Ann S. Devlin
Ann Devlin teaches courses on cognitive processes, industrial and organizational psychology, environmental psychology, and a research methods course. Her expertise lies in environmental psychology, particularly in the creation of more humanistic environments for healthcare, including psychotherapy offices, and for facilities that house the elderly.
Devlin frequently writes about issues in evidence-based design. She also specializes in way-finding, the study of the manner in which environments (through their design and layout) and designers (through their creation of maps and other tools) provide cues to help people navigate from an origin to a destination.
Recently she and collaborators in Portugal received a grant from the Academy of Architecture for Health Foundation (AAHF) to do cross-cultural research examining inpatient hospital rooms and patients' levels of stress and well-being.
She led students on SATA Rome 2009 and SATA Vietnam 2011. Pictured at right is Professor Devlin (far right) with Connecticut College SATA Vietnam 2011 students in Angkor Wat, Cambodia.
Devlin, a former Woodrow Wilson Fellow, is the recipient of several Mellon Foundation grants. She received the Mellon Initiative on Multiculturalism (MIMIC) grant as well as a grant to develop the Freshman Focus Cluster, an integrative, writing-intensive program for incoming first-year students at Connecticut College.
She has been published in various journals, including Environment and Behavior, The Journal of Counseling Psychology, The Journal of Environmental Psychology, and the Journal of Applied Social Psychology. She is editor in chief of the journal Environment and Behavior.
Her latest book, The Research Experience: Planning, Conducting and Reporting Research (Sage, 2017), presents a process-oriented approach to research for students in the behavioral sciences. In-depth, practical advice for conducting each step of the research process includes coverage of the most common research methods and current technologies—including Qualtrics, Google Scholar, and Amazon Mechanical Turk—as well as techniques for finding participants and collecting data in a variety of settings.
Her book from Routledge (2015) titled Transforming the Doctor’s Office: Principles from Evidence-based design (cover pictured at left) examines the ways in which research can be used to improve users' experience in outpatient settings, with an emphasis on the positive distractions, social support, and perceived control in the setting.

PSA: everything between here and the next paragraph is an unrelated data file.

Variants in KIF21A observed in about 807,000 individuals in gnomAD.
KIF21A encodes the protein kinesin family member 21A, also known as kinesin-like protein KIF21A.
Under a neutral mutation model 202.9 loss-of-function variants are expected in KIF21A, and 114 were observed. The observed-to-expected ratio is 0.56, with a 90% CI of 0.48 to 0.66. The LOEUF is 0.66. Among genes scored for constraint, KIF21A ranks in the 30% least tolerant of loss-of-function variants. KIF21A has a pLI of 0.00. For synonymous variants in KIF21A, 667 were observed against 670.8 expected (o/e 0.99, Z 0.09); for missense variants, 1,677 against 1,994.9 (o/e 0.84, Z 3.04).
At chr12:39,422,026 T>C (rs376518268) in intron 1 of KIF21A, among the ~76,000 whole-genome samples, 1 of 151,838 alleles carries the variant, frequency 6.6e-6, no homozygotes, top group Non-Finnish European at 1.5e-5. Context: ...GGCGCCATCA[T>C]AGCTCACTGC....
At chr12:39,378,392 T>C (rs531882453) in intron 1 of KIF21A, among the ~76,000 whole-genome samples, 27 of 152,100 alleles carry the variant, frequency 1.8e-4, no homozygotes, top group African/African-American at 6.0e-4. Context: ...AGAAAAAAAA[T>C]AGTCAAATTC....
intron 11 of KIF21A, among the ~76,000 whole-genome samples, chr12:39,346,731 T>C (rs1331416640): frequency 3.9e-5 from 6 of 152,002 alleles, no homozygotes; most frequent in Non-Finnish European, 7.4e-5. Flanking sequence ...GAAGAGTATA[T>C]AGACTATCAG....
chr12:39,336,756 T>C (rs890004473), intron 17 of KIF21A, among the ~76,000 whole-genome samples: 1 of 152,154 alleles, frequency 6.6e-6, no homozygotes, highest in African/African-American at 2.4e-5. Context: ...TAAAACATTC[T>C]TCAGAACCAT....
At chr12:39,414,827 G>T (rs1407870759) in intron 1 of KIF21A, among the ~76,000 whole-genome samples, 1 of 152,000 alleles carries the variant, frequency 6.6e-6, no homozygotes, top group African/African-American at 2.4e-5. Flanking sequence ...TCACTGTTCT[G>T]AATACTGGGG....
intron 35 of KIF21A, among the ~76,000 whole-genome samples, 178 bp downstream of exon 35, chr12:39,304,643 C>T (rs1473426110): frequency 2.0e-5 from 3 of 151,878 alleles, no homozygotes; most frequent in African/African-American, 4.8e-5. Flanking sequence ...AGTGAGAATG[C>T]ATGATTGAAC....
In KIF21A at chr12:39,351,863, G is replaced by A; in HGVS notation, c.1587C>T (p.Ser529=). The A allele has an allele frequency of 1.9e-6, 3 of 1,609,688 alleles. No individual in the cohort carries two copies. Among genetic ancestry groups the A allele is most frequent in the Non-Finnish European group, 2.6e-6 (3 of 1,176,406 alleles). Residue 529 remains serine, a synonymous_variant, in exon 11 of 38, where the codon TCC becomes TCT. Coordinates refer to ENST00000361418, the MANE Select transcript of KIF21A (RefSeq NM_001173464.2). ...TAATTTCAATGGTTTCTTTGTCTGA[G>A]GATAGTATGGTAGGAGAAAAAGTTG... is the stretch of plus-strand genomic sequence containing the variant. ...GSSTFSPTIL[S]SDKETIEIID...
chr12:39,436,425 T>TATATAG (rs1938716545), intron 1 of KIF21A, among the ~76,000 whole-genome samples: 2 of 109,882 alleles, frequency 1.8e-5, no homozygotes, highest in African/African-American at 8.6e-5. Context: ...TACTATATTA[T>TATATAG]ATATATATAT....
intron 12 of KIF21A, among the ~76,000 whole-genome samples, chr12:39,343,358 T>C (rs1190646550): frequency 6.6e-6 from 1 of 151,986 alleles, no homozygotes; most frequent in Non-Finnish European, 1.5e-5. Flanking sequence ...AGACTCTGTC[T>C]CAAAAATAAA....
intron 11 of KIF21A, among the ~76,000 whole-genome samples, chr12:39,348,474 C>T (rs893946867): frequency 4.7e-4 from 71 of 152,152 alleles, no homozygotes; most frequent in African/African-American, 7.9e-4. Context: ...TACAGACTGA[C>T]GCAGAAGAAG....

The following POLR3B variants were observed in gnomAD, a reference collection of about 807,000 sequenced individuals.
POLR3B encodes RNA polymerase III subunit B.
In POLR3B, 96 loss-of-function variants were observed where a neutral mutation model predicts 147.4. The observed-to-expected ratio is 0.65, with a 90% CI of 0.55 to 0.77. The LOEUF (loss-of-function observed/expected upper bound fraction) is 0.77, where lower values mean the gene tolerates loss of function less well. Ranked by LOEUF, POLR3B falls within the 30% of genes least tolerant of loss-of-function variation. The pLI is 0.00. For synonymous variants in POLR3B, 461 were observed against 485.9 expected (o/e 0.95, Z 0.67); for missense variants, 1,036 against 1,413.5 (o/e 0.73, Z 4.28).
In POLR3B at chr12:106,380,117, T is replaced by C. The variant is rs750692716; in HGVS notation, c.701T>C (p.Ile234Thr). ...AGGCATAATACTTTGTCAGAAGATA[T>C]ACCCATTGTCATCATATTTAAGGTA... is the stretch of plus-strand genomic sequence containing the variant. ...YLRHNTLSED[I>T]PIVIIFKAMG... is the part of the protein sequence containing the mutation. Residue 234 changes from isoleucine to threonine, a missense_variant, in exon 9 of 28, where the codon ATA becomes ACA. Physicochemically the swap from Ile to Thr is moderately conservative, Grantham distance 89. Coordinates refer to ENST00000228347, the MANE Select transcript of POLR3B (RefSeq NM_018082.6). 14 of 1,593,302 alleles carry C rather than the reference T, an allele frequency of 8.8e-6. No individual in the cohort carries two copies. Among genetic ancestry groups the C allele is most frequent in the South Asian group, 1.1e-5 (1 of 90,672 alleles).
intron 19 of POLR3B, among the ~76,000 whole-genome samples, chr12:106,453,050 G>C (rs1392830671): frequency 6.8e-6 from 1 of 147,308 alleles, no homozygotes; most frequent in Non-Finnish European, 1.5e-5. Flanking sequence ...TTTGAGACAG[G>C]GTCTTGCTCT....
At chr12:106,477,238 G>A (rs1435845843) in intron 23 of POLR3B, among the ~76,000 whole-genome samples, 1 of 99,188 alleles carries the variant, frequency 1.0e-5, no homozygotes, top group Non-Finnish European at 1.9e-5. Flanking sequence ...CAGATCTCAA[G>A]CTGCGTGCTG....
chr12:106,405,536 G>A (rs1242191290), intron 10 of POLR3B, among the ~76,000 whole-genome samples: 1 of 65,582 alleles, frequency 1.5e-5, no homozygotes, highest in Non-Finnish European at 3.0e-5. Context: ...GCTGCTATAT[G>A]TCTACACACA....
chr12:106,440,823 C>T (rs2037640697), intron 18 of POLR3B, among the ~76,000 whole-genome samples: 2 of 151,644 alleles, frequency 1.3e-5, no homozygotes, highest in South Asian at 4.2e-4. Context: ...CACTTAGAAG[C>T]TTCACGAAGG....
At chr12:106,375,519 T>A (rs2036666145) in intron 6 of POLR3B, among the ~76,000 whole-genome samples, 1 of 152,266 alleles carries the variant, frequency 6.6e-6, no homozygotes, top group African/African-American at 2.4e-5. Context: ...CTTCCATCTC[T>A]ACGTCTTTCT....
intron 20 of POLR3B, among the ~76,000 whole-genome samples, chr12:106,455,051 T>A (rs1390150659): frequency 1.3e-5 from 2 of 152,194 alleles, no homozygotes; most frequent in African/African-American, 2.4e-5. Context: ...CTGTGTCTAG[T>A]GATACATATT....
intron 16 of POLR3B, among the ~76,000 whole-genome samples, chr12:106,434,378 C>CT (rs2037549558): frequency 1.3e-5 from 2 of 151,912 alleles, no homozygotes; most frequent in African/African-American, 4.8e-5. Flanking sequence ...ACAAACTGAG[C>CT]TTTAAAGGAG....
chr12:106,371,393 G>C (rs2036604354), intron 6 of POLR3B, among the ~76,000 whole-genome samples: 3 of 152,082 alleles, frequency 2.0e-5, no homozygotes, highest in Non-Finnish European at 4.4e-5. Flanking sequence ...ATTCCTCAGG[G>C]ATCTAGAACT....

Her third book, from Cambridge University Press (2010), titled What Americans Build and Why: Psychological Perspectives, examines five areas of Americans' built environment: houses, healthcare facilities, schools, workplaces and shopping environments. Synthesizing information from both academic journals and the popular press, the book looks at the relationships of size and scale to the way Americans live their lives and how their way of life is fundamentally shaped by the highway system, cheap land and incentives. This book is timely because although Americans say they crave community, they continue to construct buildings, such as McMansions and big box stores, that make creating community a challenge.
Devlin also published a research methods book for students in the social sciences titled Research Methods: Planning, Conducting, and Presenting Research (Thomson Wadsworth, 2005). It is a hands-on, student-friendly text that addresses the practical aspects of one-semester social science research projects, using examples from a variety of sources that illustrate successful projects. Her first book, Mind and Maze: Spatial Cognition and Environmental Behavior, was published in 2001 by Praeger.
Devlin enjoys working with students, and many of her publications include student authors. In addition, she has a student research group whose projects have been presented at national conferences, including the Environmental Design Research Association. In 2000, she was elected to the Board of Directors of the Environmental Design Research Association. She is a recipient of the Student Government Association Teaching award for excellence in teaching.
Devlin served as College marshal from 2002-2015. The main responsibility of the marshal lies in is its public ceremonial role, that of leading the processional during ceremonies such as Commencement.
Devlin was the recipient of the 2012 Helen B. Regan Faculty Leadership Award, which recognizes faculty members who exemplify the College's commitment to shared governance, democratic process and campus community development. She received the John S. King Memorial Teaching Award in 2006.
Ann S. Devlin
Box # PSYCHOLOGY/Bill Hall
270 Mohegan Ave.
New London, CT 06320
204A Bill Hall